The Long History of the War on Christmas

(Lars Martinson)
(Lars Martinson)

Hand-wringing over Christmas has been going on since the Christ child left the manger.

don’t know if you’ve heard, but the real meaning of Christmas has been sadly overtaken by wanton capitalism in recent years. “This festival teaches even the little children, artless and simple, to be greedy,” as one critic put it. “The tender minds of the young begin to be impressed with that which is commercial and sordid.”

The year was 400, and the anxious writer was the Cappadocian Bishop Asterius of Amasea. Asterius’ pious fretting is quoted in Canadian historian Gerry Bowler’s Christmas in the Crosshairs: Two Thousand Years of Denouncing and Defending the World’s Most Celebrated Holiday, which makes clear that hand-wringing over the correct way to celebrate the Christ child started practically before the kid left the manger.

The refreshing takeaway of Christmas in the Crosshairs is that most contemporary agita about Christmas’ supposed decline is misplaced. The commercialization of Christmas isn’t a recent development; St. Augustine was pleading with people to give alms instead of holiday gifts in the early fifth century. The supposed erasure of Christ from Christmas isn’t new, either; devout killjoys have forever lamented the season’s secular revelry. And the “war on Christmas” has been enlisting troops for centuries; in Communist Russia, Christmas trees were banned, and children were told their gifts came from Stalin, not Santa. Despite all these obstacles, Christmas is now, Bowler announces, “the biggest single event on the planet.”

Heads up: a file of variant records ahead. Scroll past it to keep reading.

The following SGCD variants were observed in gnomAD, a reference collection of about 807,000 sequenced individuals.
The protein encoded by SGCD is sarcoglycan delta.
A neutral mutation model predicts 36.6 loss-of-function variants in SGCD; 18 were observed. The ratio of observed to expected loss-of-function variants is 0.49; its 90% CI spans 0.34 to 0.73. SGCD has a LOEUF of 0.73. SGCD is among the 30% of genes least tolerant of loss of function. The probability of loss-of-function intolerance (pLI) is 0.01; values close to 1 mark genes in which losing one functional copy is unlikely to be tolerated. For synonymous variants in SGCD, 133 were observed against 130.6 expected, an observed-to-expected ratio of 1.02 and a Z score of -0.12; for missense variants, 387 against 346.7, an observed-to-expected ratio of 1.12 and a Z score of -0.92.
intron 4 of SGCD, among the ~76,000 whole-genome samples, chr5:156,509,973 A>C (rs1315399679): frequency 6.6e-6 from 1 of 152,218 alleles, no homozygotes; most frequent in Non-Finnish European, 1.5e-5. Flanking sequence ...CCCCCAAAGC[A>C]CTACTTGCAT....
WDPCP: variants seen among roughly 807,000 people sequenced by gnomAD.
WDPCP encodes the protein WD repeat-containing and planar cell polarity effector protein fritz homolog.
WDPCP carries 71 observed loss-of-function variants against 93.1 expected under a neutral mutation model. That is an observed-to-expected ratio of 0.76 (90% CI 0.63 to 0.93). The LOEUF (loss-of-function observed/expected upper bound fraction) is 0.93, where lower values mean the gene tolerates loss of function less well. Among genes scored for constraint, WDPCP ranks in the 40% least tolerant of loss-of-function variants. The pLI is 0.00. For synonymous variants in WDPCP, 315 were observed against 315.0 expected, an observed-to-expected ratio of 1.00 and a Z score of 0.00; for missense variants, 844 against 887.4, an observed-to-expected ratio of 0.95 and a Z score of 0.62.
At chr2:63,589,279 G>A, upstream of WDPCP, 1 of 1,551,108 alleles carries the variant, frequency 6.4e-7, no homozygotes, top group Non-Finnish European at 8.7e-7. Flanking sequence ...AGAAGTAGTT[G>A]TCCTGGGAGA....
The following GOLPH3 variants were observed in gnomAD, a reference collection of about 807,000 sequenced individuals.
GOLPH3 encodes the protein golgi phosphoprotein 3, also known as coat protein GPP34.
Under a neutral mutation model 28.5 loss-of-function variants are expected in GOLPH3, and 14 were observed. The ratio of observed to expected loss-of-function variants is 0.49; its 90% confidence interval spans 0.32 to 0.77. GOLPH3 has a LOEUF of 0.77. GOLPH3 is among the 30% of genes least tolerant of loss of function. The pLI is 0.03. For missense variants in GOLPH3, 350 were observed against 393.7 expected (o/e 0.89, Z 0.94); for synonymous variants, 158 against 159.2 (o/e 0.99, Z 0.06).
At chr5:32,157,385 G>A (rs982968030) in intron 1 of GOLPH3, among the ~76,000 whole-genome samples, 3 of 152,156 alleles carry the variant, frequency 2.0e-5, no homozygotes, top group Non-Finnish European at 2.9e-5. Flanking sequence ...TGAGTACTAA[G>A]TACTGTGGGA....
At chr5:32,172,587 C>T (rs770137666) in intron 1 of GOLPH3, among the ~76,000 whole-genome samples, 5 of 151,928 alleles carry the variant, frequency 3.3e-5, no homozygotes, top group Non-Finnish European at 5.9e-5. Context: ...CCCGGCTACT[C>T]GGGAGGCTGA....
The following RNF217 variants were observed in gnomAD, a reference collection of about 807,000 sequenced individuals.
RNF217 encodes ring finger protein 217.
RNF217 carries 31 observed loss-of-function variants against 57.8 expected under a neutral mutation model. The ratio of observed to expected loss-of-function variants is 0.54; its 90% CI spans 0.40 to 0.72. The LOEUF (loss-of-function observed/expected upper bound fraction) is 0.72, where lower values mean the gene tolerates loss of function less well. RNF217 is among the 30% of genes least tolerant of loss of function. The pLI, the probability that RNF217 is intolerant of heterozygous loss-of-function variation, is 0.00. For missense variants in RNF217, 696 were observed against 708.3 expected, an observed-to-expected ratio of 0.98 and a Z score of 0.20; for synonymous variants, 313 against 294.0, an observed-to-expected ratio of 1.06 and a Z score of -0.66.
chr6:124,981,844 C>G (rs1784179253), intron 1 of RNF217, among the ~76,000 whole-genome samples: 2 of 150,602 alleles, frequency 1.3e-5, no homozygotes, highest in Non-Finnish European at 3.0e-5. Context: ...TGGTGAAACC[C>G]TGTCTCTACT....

The one moment in history that Christmas seemed truly imperiled was the early 19th century, when celebrations in the United States and parts of Europe had become rowdy, violent affairs. Yuletide wildness distasteful to the upper classes was an old phenomenon. But now gangs of men and boys would roam the streets drinking, vandalizing property, throwing firecrackers, and even invading homes. In New York in 1828, soon after Andrew Jackson’s election had prompted fears of “mobocracy,” lower-class revelers wassailed their way down the Bowery with drums and whistles, shouted outside a fancy-dress ball, and ended the evening by smashing up a black church and chasing worshipers through the streets. It took mythologizers such as Charles Dickens, whose A Christmas Carol was published in 1843, to drag Christmas from the streets into the parlor. In the late 19th century, the holiday began to take on its contemporary shape as an idealized season of family warmth rather than one of drunken partying.

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Ruth Graham

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